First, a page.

A perfect storm is brewing in the nonprofit world — one that promises to rock the boat for nonprofits and the communities that they serve. At a time when the sector is rapidly expanding (between 1995 and 2004, the number of nonprofits grew at a compound growth rate of 69%), baby boom executives are retiring and the available labor pool will soon be insufficient to meet demand.

Getting Your Nonprofit Board On-Board
One of the great things about nonprofit boards is the passion they bring to their volunteerism. But passion alone is not enough to develop, plan, and provide the leadership necessary to have an effective, high-functioning organization. Board members of successful organizations are constantly challenging themselves to improve their approach to fulfilling the legal, fiduciary, and management responsibilities of the position.

A Culture of Learning
Today's knowledge workers are a lot different from workers of past generations. Well-educated, highly-experienced specialists often coming out of big corporate environments, these are not really employees in the traditional sense. Just as a company's capital may be held in buildings, equipment, inventories, brands, and proprietary processes, a knowledge worker's capital — their intellectual property — is held inside their heads.

What Gets Measured...
It's been said that, "What gets measured, gets managed." But how does one determine what should be measured? Should all measurements be objective or is there a place for the subjective as well? Measurements — both subjective and objective — are critical for an organization to maintain alignment between its strategic goals and its day-to-day activities.

Culture and the Bottom Line
What does a successful wine business looks like? Most of the measures wineries focus on to steer their success tend to be hard and quantifiable: gross margins, price points, sales volume, market share, distribution clout, or direct sales percentages. How can something more qualitative, like your organization's culture, determine success?

Baby You Can Drive My Car
If we can’t get Americans to give up our cars, then one approach is to make cars that are more energy efficient and non-polluting.


Darfur, Soccer, Sting, and Triton the Lion
A real world example of a social venture that is pushing into new territory is the One World Futbol Project. A hybrid organization made up of a for-profit Limited Liability Company (LLC), registered as a B-Corp (Benefit Corporation), along with a nonprofit 501(c)(3) foundation. With help from NewLevel Group, the founders developed a business plan, secured start-up funding, and launched the business during the World Cup, quickly earning great buzz for the project.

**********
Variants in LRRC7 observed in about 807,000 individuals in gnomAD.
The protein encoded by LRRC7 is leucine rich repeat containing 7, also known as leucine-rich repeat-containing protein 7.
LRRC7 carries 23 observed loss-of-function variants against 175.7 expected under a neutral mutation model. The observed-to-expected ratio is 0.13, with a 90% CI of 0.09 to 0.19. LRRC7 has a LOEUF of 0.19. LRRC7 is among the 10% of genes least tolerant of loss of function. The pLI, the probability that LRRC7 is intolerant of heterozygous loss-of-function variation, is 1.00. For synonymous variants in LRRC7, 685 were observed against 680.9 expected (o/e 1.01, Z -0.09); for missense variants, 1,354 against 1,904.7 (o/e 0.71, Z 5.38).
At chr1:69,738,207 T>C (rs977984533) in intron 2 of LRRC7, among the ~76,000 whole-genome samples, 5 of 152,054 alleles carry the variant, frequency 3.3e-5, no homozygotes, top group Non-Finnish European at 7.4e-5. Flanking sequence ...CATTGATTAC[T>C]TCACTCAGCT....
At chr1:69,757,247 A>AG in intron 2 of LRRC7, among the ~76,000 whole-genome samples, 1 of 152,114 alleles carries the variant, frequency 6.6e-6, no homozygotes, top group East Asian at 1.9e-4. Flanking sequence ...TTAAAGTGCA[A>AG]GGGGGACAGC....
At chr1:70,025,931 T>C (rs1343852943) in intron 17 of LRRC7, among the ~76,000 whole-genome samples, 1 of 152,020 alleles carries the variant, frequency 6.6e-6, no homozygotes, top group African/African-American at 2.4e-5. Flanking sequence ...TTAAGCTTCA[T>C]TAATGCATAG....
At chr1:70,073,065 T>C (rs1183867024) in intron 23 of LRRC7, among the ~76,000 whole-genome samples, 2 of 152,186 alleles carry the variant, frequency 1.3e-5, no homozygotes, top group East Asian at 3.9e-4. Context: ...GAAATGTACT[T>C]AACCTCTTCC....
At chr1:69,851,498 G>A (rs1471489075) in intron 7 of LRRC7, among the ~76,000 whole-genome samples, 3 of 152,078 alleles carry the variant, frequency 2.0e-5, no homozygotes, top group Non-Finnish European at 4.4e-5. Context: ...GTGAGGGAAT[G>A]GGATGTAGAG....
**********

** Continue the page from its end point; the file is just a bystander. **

Building An Effective, Sustainable, Impactful Organization
While there is no one formula for building a high-performance social sector organization, there are attributes and processes that all effective organizations have in common. The following is a checklist of some of those basic components.

High Satisfaction Days TM: Leading Indicators of Results
Have you ever measured the doneness of cookies baking in your oven using the smoke detector instead of a timer? When the smoke alarm goes off, you certainly know the cookies are done, it's just that the information isn't very helpful at that point. That's an example of what economists call a "Lagging Indicator". While most successful organizations use performance measures to gauge results, the majority of the measures they employ — financial reports, sales results, 360° reviews — are lagging indicators. That is, they tell you with some accuracy how you did, but not until after the fact.

Tough Times Call for Strong Leadership
Funding has always been a challenge for nonprofit organizations. With today’s economic challenges, times are even tougher than usual. Private donations are likely on a downward trend as slow growth in personal income forces consumers to make difficult spending decisions. Declines and uncertainty in the stock market have reduced the value of donor and foundation investment portfolios. Slowing economic activity lowers tax revenues for all levels of government, at the same time the pressure to fund expanded services is increasing.